Ne Win died in 2002; his daughter was released from house arrest in 2006, but his grandsons had remained in prison. It was they who were about to be released.

“You mean,” I said, “they still live here?”

It struck me for the first time how stable, how fixed was the life of a dictator. Since assuming power in 1962, Ne Win had lived on this street, and died on this street, exactly where, as a fifteen-year-old, I had last set eyes on him. He was the immovable, centrifugal force that had sent thousands of Burmese citizens spinning out into the troposphere of permanent displacement.

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August 7th, 2014

Thursday Fiction Corner: An Interview with Tamaz Chiladze, author of “The Brueghel Moon”



“Ultimately, the function of literature is to intensify mystery, not to solve it, isn’t it?”—Tamaz Chiladze

Tamaz Chiladze, The Brueghel MoonThe following is an interview with Tamaz Chiladze, author of The Brueghel Moon.

The novel is part of Dalkey Archive’s new Georgian Literature Series:

Question: Are either of the protagonists—Levan and Nunu—in any way based on you, or on your own experiences in relationships?

Tamaz Chiladze: For me, Levan and Nunu are quite real—they’re flesh and blood people. They live their own lives, have their own relationships, but neither has any similarity to my person or my personal life.

In general, characters are born, and are not so much based on the autho’s personal experience, but are more dependent on readers and their life experiences. I believe authors are more interesting and involving if they are able to relate their narrative to that of the reader. The link between them, their common, shared stories, play an important role in establishing this contact. I could also add that, in a sense, the process of reading is an act of discovering oneself, of bringing oneself alive.

I doubt I will sound original if I say that literary characters not only enrich mankind ethically, but increase its numbers worldwide.

Q: The novel deals with psychiatric issues such as depression, psychosis and psychiatry itself. What motivates you to communicate such things? Do you seek to represent a relationship be­tween psychiatry and literature or the act of writing?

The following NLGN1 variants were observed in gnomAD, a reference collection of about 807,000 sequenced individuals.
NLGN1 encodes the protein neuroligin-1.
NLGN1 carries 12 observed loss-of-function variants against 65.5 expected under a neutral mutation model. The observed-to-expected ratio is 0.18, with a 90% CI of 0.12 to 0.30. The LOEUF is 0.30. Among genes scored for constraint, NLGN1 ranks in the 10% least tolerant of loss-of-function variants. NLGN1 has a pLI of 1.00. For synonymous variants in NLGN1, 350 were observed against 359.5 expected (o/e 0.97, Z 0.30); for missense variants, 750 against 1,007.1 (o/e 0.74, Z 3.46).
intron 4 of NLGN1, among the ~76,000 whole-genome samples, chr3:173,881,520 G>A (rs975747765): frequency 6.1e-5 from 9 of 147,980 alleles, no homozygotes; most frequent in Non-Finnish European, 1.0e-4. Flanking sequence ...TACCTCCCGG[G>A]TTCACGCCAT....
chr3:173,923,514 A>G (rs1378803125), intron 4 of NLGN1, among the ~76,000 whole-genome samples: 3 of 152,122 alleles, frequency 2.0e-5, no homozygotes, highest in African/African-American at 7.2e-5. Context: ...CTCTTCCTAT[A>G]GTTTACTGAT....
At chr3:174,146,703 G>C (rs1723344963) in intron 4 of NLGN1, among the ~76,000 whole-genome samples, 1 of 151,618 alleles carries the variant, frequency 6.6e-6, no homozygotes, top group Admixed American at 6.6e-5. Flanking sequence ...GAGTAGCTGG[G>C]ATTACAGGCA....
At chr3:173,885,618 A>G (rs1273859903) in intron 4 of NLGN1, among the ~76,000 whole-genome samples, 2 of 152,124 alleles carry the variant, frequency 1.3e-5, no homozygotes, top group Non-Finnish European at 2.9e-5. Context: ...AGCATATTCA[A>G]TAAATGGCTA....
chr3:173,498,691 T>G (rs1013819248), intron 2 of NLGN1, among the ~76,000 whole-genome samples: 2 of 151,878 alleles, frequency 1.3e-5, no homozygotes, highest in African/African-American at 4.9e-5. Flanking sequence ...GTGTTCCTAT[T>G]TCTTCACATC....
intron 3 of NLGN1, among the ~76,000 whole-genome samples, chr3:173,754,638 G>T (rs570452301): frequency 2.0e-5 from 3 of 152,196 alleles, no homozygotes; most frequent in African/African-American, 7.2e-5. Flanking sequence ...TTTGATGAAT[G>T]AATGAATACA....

TC: I’m not at all sure what inspired me to write the novel. I think there is hardly a writer who has managed to avoid depressed states or psychosis. They just can’t, and this is particularly true in our mod­ern times. Sadly, depression, neurosis, and psychosis have become quite typical, as if they are the normal conditions of our existence.

A writer helps readers to overcome their solitude, anxieties and fears. In this sense he acts like a priest or a doctor. But because he has sinned himself, in fact, a writer cannot be a priest. Neither can he be a doctor. He is better suited to the role of patient, especially considering how many times his aching, torn heart has been darned with the thread of hope. I would say a writer is the last surviving representative of the ancient caste of clairvoyants or oracles.True, no one seems to heed him, but that doesn’t mean he isn’t telling the right stories or saying the right things.

In any case, my novel has nothing to do with psychiatry as a branch of science. Ultimately, the function of literature is to intensify mystery, not to solve it, isn’t it?

Read the rest of this entry »

August 7th, 2014

Househunting in the Homeland — An Essay by Wendy Law-Yone, author of “A Daughter’s Memoir of Burma”



A Daughter's Memoir of Burma, Wendy Law-YoneThe following post is part 1 of an essay by Wendy Law-Yone, author of A Daughter’s Memoir of Burma. For more on the book, you can also read our interview with Wendy Law-Yone

It was last day of my two-week tour of Burma, and the calendar was auspicious. Friday January 13th, 2012. Friday the thirteenth, at the beginning of a leap year! An excellent day to wrap up the business of househunting in Rangoon. That was how I had slugged the page in my notebook listing the homes I had once lived in and was determined to track down. HOUSEHUNTING.